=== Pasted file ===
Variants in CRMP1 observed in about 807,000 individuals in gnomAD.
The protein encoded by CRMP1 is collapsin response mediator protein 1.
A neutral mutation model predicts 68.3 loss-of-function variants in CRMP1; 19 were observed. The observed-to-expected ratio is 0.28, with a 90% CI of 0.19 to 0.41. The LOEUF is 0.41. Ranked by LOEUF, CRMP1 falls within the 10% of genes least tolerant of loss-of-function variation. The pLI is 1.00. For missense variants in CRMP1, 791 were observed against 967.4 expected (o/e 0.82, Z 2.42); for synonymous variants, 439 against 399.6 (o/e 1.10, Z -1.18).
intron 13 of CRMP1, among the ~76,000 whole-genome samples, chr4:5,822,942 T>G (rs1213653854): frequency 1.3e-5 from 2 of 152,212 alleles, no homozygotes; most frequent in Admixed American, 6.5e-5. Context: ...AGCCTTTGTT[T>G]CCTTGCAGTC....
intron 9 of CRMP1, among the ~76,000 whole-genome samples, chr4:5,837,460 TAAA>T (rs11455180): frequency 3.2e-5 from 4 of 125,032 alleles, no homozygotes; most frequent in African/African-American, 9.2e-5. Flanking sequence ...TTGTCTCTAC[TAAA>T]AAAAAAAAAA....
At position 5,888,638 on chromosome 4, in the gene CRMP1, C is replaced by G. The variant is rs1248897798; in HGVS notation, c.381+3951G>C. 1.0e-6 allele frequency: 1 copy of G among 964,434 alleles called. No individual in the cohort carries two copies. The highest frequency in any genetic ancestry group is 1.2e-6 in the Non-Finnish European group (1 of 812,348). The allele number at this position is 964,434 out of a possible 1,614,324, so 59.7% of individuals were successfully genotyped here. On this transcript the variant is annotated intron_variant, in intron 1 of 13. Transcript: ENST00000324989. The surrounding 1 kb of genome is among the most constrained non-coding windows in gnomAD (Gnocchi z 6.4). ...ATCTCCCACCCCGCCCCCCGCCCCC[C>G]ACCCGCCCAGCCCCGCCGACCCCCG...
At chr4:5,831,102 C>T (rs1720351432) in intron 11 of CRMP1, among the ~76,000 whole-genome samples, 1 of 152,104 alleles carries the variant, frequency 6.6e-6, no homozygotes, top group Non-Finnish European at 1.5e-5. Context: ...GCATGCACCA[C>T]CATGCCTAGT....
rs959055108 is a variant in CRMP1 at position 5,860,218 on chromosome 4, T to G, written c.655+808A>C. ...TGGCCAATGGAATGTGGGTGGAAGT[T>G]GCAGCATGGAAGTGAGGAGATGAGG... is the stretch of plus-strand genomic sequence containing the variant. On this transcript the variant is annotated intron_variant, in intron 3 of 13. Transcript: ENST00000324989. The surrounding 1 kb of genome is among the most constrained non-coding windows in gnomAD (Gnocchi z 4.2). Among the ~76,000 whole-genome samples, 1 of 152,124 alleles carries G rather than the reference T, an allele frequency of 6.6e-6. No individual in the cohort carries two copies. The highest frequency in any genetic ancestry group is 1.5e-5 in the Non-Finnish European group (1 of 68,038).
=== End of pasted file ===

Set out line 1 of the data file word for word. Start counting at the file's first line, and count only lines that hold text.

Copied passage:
Variants in CRMP1 observed in about 807,000 individuals in gnomAD.